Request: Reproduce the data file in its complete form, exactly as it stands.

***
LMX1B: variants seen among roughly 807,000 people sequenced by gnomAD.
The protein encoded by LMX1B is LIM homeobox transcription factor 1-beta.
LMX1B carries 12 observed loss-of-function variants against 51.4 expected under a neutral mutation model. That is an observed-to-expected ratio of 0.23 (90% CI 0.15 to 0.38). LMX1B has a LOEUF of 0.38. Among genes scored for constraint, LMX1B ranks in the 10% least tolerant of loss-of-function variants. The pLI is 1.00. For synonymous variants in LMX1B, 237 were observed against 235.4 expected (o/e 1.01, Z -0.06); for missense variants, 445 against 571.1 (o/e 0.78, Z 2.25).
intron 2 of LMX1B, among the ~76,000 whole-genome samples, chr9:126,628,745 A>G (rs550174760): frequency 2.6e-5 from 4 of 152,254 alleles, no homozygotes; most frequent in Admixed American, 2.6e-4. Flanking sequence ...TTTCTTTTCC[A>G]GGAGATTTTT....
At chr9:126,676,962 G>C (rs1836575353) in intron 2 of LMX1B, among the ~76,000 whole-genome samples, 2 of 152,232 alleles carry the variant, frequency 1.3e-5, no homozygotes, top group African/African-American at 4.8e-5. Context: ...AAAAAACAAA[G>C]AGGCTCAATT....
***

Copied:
LMX1B: variants seen among roughly 807,000 people sequenced by gnomAD.
The protein encoded by LMX1B is LIM homeobox transcription factor 1-beta.
LMX1B carries 12 observed loss-of-function variants against 51.4 expected under a neutral mutation model. That is an observed-to-expected ratio of 0.23 (90% CI 0.15 to 0.38). LMX1B has a LOEUF of 0.38. Among genes scored for constraint, LMX1B ranks in the 10% least tolerant of loss-of-function variants. The pLI is 1.00. For synonymous variants in LMX1B, 237 were observed against 235.4 expected (o/e 1.01, Z -0.06); for missense variants, 445 against 571.1 (o/e 0.78, Z 2.25).
intron 2 of LMX1B, among the ~76,000 whole-genome samples, chr9:126,628,745 A>G (rs550174760): frequency 2.6e-5 from 4 of 152,254 alleles, no homozygotes; most frequent in Admixed American, 2.6e-4. Flanking sequence ...TTTCTTTTCC[A>G]GGAGATTTTT....
At chr9:126,676,962 G>C (rs1836575353) in intron 2 of LMX1B, among the ~76,000 whole-genome samples, 2 of 152,232 alleles carry the variant, frequency 1.3e-5, no homozygotes, top group African/African-American at 4.8e-5. Context: ...AAAAAACAAA[G>C]AGGCTCAATT....